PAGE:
"The quality and quantity of the financial backing that HomeGrocer.com has received for this latest round of financing clearly indicates that we have a model that is both viable and sustainable."
Chris Dixon's blog post from today about how to select your angel investors talks about a common mistake entrepreneurs make - choosing an investor based on their "celebrity value (by "celebrity" I generally mean in the TechCrunch sense, not the People magazine sense)."
The same is true for choosing VCs, board members and advisors. We've invested with plenty of famous VCs and board members who were extremely well connected to the CEOs and boards of companies such as Microsoft, Oracle, Cisco, Intel and many other Fortune 500 companies.
In our experience, celebrity investors and board members do little to help entrepreneurs do what they need to get done. They offer little in the way of strategic or practical advice about hiring, firing, product development, closing deals and financing. Even worse, sometimes the advice can be out of touch with what is going on in the industry or company but due to their celebrity status, some off the cuff comments can carry too much weight.
Perhaps the most value that celebrities bring to the table are connections (even Chris in his blog post applauded "connectors" who can "introduce you to key people when you need it"). In practice, however, most people with great connections guard their rolodexes.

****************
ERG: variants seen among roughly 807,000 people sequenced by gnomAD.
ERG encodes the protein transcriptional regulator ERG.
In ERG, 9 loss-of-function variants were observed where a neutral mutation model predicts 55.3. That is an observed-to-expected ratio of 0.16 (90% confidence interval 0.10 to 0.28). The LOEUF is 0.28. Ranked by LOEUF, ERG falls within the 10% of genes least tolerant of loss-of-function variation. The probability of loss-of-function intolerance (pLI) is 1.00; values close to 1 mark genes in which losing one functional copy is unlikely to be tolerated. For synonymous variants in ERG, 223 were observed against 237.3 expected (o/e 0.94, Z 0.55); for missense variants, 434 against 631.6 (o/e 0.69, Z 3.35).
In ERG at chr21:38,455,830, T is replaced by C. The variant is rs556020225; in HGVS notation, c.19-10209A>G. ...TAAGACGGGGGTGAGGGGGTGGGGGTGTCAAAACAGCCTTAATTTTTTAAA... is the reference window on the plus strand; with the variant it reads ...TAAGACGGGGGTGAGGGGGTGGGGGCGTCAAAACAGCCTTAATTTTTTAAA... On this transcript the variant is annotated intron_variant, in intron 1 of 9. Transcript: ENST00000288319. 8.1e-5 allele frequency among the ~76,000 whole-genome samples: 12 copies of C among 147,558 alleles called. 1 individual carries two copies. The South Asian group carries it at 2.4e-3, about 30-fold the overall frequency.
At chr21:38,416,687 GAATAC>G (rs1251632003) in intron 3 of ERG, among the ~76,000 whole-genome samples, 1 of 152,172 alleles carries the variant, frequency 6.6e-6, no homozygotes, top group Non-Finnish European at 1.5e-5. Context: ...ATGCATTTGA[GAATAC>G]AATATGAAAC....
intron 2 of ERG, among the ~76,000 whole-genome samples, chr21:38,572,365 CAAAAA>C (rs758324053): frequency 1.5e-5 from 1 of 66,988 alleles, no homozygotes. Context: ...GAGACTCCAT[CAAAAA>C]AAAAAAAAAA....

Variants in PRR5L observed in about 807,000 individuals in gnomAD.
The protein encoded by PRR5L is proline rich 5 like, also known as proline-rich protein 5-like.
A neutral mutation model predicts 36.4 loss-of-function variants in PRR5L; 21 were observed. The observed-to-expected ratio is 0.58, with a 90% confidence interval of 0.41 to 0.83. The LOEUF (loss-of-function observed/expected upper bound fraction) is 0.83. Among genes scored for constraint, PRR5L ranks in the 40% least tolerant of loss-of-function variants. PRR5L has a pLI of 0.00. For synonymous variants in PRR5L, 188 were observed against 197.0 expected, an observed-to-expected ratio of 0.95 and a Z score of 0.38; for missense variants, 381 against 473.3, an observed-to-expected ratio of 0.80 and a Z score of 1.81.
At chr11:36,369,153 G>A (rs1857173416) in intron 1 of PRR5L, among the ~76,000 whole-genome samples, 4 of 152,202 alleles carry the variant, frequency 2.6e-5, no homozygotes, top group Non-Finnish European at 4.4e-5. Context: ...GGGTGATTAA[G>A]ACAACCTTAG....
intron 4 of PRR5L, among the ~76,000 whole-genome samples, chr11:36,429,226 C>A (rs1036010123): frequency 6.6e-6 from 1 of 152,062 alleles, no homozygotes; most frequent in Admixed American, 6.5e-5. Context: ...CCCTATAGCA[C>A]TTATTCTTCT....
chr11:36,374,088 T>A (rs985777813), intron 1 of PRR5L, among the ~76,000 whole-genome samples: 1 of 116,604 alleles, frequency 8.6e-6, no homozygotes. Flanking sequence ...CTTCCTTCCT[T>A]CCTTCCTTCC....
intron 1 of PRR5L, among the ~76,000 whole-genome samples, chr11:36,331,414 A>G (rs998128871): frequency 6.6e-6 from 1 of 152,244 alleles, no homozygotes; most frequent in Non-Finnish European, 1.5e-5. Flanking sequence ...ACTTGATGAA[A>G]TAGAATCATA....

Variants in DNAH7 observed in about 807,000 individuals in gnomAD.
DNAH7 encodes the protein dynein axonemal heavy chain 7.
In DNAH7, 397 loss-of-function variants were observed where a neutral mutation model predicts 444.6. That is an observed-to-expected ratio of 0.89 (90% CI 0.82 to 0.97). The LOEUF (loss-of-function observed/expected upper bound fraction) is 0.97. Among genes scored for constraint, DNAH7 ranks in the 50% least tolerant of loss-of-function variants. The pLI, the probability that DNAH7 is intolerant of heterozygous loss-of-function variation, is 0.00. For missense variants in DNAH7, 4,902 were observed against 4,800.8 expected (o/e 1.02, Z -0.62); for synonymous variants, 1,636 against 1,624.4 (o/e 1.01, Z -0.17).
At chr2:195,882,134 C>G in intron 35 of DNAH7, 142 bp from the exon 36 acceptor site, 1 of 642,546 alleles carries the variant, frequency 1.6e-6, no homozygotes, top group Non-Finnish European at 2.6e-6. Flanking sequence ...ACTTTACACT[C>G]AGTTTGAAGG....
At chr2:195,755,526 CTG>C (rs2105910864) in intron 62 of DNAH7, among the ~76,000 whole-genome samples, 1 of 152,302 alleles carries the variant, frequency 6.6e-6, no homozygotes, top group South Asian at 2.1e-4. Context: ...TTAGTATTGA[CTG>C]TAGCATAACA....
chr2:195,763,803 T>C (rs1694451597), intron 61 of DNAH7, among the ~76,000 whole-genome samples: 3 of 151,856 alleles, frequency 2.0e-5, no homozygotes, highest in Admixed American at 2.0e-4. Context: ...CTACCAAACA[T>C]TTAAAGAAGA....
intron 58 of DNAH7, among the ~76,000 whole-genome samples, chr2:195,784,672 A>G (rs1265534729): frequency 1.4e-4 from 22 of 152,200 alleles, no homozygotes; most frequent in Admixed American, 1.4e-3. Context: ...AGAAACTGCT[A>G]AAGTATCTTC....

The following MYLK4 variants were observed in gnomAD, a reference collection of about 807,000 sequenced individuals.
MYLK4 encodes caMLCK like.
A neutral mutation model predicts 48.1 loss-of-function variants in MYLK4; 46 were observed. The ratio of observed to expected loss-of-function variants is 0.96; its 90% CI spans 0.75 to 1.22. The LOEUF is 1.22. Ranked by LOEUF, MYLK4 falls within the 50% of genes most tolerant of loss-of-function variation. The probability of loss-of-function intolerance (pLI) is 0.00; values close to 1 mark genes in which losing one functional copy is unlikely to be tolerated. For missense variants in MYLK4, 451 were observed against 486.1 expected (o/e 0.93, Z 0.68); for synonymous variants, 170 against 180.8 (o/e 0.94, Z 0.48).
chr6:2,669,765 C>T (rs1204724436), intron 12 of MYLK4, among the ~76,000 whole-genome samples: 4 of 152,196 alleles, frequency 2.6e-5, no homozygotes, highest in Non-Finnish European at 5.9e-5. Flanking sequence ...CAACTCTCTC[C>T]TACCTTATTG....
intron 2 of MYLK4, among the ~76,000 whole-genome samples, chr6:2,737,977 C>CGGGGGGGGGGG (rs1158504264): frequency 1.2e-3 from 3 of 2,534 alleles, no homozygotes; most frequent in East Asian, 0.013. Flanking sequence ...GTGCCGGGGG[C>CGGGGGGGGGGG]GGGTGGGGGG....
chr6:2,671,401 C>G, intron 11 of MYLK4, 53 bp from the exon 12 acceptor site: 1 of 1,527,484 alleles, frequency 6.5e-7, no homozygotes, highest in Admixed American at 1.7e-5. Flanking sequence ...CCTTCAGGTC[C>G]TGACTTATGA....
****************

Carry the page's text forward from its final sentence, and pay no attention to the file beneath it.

Even when an intro is made directly to the CEO of a BIG company, it will get passed down the organization (usually down several levels) to the real decision makers. If the company is well run, the CEO will let his/her people make the decisions.
If you do choose to use high level connections to force a deal through you should be warned that such a deal can backfire. If you don't take the time to build real support with the right people in the organization, they can do many things on a day to day basis which can ultimately sabotage the deal down the road (and distract you from what you should have been doing in the first place).
My advice to entrepreneurs is to build your own buzz, based on fundamentals (an excellent banker advised one of our companies to "build your own heat" - it was good advice). You have to deliver real value!
Also, please, please, please focus on generating your own leads. No matter how big your board or how well connected your advisors are they will NEVER produce the quantity or quality of leads your own team (and sales/marketing engine) will produce for you if you are going to be successful building a real business.
In my experience, the entrepreneurs who see the most value from celebrity investors/board members and "advisors" build nothing of real value themselves. On the flip side, the best entrepreneurs see little value from celebrities (in fact, they probably find them distracting, if not somewhat annoying).
Ironically, celebrities begin to embrace entrepreneurs once they think they are going to be successful anyway - with or without them. As it turns out, most celebrities need you more than you need them.
As far as I'm concerned, the real stars are entrepreneurs who create something from nothing.
Disclosure: As Chris D. admitted, as a non-celebrity but hard working small investor, this post is almost entirely self serving.